When Adobe stops supporting Type1 fonts will OPENTYPE-PS be supported? OR will OPENTYPE-TT be the only font format supported?
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There is no such thing as OPENTYPE-PS.
I think you mean OpenType CFF versus OpenType TTF.
OpenType CFF is based on Bezier outlines and hinting using the same technology as the original Type 1 fonts. OpenType TTF is based on quadratic curve outlines and a different hinting mechanism, the same as with TrueType fonts.
In terms of which font formats will be supported, InDesign, Illustrator, and FrameMaker as well as Photoshop will continue to support OpenType CFF, OpenType TTF, OpenType Variable CFF2, OpenType Variable TTF, OpenType SVG TTF, and OpenType SVG TTF as well as the original TrueType fonts (although such older TrueType fonts have many of the same limitations as the Type 1 fonts).
Note that Adobe is absolutely not dropping support for Type 1 fonts in Acrobat or for purposes of placing existing EPS and PDF files with embedded Type 1 fonts into InDesign, Illustrator, and FrameMaker documents. (Type 1 fonts are an integral part of the PostScript and PDF specifications!)
With regards to what InDesign labels OpenType CFF fonts as when creating PDF, consider that labelling a side effect of the fact that within a PDF file the original Type 1 fonts and OpenType CFF fonts are both typically inserted as Type 1C fonts, Bezier outline-based fonts with CFF encoding. Don't worry about that!!!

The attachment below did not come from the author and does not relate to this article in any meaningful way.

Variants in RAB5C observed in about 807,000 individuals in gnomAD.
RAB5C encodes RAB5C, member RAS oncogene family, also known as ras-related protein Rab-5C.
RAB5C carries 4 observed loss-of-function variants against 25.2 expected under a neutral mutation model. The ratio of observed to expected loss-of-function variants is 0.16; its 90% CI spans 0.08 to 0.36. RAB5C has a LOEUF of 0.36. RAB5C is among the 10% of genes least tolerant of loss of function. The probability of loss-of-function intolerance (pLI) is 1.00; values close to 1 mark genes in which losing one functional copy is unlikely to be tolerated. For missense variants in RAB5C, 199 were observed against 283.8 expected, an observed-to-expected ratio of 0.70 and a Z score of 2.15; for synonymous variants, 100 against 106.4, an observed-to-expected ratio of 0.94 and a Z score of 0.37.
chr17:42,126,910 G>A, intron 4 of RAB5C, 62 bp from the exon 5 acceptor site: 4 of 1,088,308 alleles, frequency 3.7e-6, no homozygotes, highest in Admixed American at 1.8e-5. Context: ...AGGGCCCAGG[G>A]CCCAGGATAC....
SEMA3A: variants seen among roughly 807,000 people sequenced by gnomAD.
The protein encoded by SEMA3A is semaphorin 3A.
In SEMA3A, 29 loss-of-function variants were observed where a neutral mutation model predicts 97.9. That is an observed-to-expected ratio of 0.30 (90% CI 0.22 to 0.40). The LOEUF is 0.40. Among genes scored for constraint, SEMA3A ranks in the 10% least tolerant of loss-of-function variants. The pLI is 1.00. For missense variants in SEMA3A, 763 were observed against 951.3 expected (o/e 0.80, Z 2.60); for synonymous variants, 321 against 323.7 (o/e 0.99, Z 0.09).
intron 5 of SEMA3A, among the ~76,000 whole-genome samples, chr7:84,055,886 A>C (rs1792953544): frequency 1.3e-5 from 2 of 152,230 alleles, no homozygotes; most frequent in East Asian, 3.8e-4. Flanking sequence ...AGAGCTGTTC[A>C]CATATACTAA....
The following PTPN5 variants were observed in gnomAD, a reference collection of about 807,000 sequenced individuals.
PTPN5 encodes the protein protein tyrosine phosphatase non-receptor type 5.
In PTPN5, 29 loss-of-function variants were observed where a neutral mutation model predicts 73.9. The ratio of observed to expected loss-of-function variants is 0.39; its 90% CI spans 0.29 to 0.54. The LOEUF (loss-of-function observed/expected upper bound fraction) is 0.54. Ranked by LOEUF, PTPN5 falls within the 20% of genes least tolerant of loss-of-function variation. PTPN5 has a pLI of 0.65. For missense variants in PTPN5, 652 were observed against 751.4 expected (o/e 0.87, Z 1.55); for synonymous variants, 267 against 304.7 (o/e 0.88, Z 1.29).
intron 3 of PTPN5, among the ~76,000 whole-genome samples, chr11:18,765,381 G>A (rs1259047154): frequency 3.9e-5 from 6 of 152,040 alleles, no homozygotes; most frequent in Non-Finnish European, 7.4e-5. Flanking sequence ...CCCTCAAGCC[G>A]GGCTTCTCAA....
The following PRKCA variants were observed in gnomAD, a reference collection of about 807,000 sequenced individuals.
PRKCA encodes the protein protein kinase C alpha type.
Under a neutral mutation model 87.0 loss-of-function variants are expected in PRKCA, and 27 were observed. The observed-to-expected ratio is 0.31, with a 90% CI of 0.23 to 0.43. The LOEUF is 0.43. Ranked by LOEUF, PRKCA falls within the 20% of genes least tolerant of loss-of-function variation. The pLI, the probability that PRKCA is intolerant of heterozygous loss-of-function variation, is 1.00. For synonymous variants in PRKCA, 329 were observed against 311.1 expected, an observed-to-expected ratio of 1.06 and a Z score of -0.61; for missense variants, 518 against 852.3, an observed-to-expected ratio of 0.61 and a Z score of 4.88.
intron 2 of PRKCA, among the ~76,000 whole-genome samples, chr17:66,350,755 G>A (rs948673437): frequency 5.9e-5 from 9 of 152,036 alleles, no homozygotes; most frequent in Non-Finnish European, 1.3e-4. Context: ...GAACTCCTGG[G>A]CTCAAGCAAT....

Suitcase does identify fonts as OpenType -TT and OpenType-PS. See screenshot above.
When I save an InDesign file as a PDF the OpenType-PS version saves as Postscript, however the OpenType-TT version saves as Truetype.
As a graphic designer, the burning question is....when a client needs to have a change made to a PDF file which uses the OpenType-PS font will we be able to edit that PDF file properly, or even be able to open the PDF in Illustrator as we do currently to make changes?
If Acrobat is converting Opentype-PS to Postscript fonts, how will we be able to identify the fonts actually used to create the original document?
Quite frankly, it doesn't make a difference what Suitcase labels the fonts as (maybe they should label them as Fred and Barney!). If the original font is an OpenType CFF font, you can do edits in Acrobat Pro if you have the original OpenType CFF font installed on your system. Likewise, if the original font is an OpenType TTF font, you can do edits in Acrobat Pro if you have the original OpenType TTF font installed on your system. The font names in the PDF file (seen under Document Properties=>Fonts) match the “PostScript names” of the original OpenType fonts.
HOWEVER, note that Adobe Illustrator is not, repeat not, repeat yet again not a general purpose PDF file editor. Illustrator only supports a subset of the PDF imaging model. The only PDF files that Adobe Illustrator can fully and succesfully open and properly edit are PDF files that were saved from that version or earlier of Illustrator, that have not been subsequently edited in Acrobat (or anything else), and for which the fonts are installed on your system. For example, Illustrator doesn't support opening PDF files with mixtures of CMYK and RGB or for that matter, dealing with PDF files using fonts that aren't installed on the system, even if they are embedded in the PDF file!). FWIW, you have no idea how many problems that we hear about that are encounted by our customers whose PDF files were unknownst to them “fixed” (whethere they needed such or not) by print service providers who routinely opened and attempted to make modifications to PDF files (especially exported from InDesign) in Illustrator.